It’s a question he’s often asked, and one that Joel Stern seems to enjoy every time it’s posed—how he, a 60-year-old, heterosexual white man—was selected in 2014 as chief executive officer of NAMWOLF, the National Association of Minority and Women Owned Law Firms.
“You’ve just called out the elephant in the room,” Stern says with a hearty laugh during a lively interview with Vanguard this past autumn. “But if you say ‘diversity’ without following it with ‘inclusion,’ you’ve got a problem. Inclusion means everyone—and that includes white men.”
Whatever his ethnicity and sexual orientation, no one can doubt the passion and purpose that Stern exhibits in advocating for women- and minority-owned law firms that, despite being as qualified as any others, have traditionally been bypassed by public and private entities in need of outside counsel.
Furthermore, he finds it ironic that the legal profession itself can seem oblivious of the need to practice the very justice for which it might sue others for being remiss.
“When you measure diversity, we’re [the legal profession] dead last among professionals,” Stern laments from NAMWOLF’s Chicago headquarters. “Behind accountants, investment professionals, medical practitioners etc.”
But while others might merely identify a problem, Stern is out to do something about it, and can count some impressive accomplishments on his watch.
In his ever-esoteric way of making his case, Stern likens NAMWOLF to a gourmet kitchen, the delicacies being, at last count, the nearly 200 law firms majority owned by women or minorities that have been admitted into the association after going through a very detailed vetting process.
And the customers for this buffet of choice barristers? Why, they include Fortune 500 companies and government agencies that can find any kind of specialized knowledge at this table.
Eat it up, Stern beckons. There’s plenty more.
While Stern withholds details at the company’s request, he describes how executives of a major automotive business attended a NAMWOLF meeting in September 2017, knowing little about the operation but seemingly open-minded to progressive pursuits.
Since then, that company has attended two more meetings, had Stern convene with its general counsel, and garnered satisfaction from entrusting several legal matters to NAMWOLF-partnered firms. The company has even taken its mix of social conscience and farsighted modus operandi to a higher level by embracing the so-called Mansfield Rule, pledging to actively consider minority and/or women-owned law firms when it is interviewing firms for new matters.
Could be in some afterlife, Arabella Mansfield—who in 1869 became America’s first female lawyer—is smiling. And that aforementioned automotive company, it may well have positioned itself for positive feedback on social media that nowadays figures so prominently in any enterprise’s reputation.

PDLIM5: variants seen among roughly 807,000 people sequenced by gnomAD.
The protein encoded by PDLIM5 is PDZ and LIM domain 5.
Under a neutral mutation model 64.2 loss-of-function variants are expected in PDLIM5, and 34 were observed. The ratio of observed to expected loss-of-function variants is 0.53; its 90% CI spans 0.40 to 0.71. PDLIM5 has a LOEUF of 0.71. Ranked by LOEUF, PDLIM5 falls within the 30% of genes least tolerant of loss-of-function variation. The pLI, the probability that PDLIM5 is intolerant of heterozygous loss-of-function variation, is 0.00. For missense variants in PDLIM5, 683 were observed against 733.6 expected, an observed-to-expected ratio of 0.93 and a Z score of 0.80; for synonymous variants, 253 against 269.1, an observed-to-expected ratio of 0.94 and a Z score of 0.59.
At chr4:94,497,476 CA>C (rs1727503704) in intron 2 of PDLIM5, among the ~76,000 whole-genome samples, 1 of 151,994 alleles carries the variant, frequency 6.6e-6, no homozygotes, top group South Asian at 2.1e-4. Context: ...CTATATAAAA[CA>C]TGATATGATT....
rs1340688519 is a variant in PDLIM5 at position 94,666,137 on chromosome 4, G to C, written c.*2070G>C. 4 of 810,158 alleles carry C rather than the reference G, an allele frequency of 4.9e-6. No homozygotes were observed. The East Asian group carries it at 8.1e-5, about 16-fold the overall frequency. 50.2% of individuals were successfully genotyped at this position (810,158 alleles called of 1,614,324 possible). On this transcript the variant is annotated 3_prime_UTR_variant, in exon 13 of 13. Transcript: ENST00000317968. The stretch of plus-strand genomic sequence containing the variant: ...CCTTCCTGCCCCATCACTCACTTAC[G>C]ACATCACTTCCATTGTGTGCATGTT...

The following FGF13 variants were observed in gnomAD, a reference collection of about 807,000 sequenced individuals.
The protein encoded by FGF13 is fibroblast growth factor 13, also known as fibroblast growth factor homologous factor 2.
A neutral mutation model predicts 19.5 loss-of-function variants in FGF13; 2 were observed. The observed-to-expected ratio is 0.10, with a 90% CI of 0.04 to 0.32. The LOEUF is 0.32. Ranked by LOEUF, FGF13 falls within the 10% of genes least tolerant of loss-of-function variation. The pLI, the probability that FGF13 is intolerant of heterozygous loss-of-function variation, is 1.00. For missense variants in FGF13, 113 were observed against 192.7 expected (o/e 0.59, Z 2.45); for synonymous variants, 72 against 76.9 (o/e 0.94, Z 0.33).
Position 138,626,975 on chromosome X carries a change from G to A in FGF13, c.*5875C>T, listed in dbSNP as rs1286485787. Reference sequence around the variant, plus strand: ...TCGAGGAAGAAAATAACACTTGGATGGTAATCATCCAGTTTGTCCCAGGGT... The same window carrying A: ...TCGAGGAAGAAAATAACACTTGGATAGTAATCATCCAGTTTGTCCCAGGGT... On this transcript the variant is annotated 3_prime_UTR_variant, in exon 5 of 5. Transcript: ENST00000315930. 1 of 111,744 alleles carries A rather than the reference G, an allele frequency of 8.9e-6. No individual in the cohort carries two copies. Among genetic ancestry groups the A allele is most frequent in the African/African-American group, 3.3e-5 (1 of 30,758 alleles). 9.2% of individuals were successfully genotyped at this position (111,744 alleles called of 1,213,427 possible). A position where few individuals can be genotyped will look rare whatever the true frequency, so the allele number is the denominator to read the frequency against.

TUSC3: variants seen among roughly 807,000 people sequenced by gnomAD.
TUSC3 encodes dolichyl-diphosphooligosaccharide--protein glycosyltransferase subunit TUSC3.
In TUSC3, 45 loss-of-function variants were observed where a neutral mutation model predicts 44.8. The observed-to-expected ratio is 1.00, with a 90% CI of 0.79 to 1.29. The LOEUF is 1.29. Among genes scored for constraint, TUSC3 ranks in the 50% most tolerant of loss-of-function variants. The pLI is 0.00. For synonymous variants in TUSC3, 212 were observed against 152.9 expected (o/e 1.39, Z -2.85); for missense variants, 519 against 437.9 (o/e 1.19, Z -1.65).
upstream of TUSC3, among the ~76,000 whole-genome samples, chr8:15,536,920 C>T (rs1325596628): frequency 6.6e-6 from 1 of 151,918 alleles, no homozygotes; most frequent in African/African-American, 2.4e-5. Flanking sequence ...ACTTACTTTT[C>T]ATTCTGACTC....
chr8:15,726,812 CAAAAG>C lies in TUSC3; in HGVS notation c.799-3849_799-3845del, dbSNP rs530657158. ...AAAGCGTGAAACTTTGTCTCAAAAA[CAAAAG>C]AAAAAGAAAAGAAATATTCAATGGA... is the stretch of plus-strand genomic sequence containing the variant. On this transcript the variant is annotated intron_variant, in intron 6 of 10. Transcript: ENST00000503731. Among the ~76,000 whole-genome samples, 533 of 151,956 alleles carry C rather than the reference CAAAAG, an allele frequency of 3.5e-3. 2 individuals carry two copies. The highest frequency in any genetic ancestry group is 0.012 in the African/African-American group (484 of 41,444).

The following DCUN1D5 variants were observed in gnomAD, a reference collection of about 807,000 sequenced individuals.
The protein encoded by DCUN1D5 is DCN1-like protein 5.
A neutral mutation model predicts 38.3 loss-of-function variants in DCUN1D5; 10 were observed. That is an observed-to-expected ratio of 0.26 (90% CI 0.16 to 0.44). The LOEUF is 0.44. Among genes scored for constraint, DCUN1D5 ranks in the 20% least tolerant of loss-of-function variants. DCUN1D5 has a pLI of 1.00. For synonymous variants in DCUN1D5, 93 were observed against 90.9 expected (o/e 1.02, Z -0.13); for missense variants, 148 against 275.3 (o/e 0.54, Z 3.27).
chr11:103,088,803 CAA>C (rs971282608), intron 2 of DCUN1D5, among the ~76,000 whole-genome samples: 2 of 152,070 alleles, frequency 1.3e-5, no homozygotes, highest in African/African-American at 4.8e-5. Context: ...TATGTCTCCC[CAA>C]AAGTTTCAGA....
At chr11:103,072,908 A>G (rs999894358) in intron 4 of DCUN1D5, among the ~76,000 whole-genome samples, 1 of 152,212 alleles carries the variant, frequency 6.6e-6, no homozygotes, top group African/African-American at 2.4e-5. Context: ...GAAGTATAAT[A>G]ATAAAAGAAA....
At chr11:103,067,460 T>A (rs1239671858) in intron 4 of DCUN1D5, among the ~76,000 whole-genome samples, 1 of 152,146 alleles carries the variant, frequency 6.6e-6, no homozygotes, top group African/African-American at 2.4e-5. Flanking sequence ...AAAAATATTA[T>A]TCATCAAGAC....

“We’re changing the legal world for the better one company, one firm at a time,” Stern is wont to say.
Many companies have responded to what NAMWOLF calls its Inclusion Initiative, launched in 2010. Back then, Stern was deputy general counsel and chief legal operations officer at Accenture, which would be one of the early sign-ups on a growing list of corporate heavyweights that in the past eight years have allotted more than $1 billion to law firms owned by minorities and women.
And Stern, he’s trying to lengthen all those lists.
“We’ll partner with any and all organizations that want to narrow this gap,” he assures. “We reach out to affinity groups everywhere, focusing on actually solving the diversity and inclusion challenges we have in our legal profession. This is not the time to protect our respective space. It’s the time to work together to make demonstrable and sustainable positive change.”
After a successful legal career both as in-house counsel leading large legal groups, and his own successful legal consulting company, NAMWOLF reached out to Stern, though he may have needed some arm-twisting. But that’s what daughters are for, Stern says with another laugh.
“My three girls convinced me to take the position,” he explains. “They said, ‘Dad, your eyes light up and you smile every time you talk about NAMWOLF and its mission and vision.’ As usual, my daughters were right!”
Achievers in their own right—those daughters being a pediatrician, a Walgreens Talent Management professional and a pastry-chef turned actuary at Allstate—they reminded dad of how prone he is to quoting Mahatma Gandhi’s famous line: “Become the change that you wish to see in the world and it will happen.”
That seemed to underscore that while dad had voted the right way and written checks to laudable causes all his adult life, he hadn’t had enough personal involvement in heartfelt campaigns.
A 1984 Cleveland-Marshall College of Law grad, Stern had worked three decades in-house with Allstate Insurance, Advantis, then a Sears/IBM telecommunications joint venture, and finally, Accenture. Fulfilling roles, all of them, he says, adding “the world wasn’t changing.”
Since 2013 he’s been better-positioned to make an impact with the backing of NAMWOLF.
“We win on merits,” he says. “I’ve never encountered one lawyer who said ‘give me some business because I’m gay, female or black.’ They’re more apt to tell me ‘because of all the injustices in the legal profession, I’ve started my own firm and want to show how we’re just as capable as any other. Maybe more so because we’re inclusive.’”
And that’s the “secret sauce” with NAMWOLF, Stern says. It’s a truly inclusive organization where everyone is welcome.
“Old to young, first-year lawyers to general counsels, straight or gay, male or female, and every race and ethnicity you can think of,” he says. “We all belong, and while we all work diligently to help NAMWOLF achieve its vision, we have fun doing so and thus we can sleep very well at night.”
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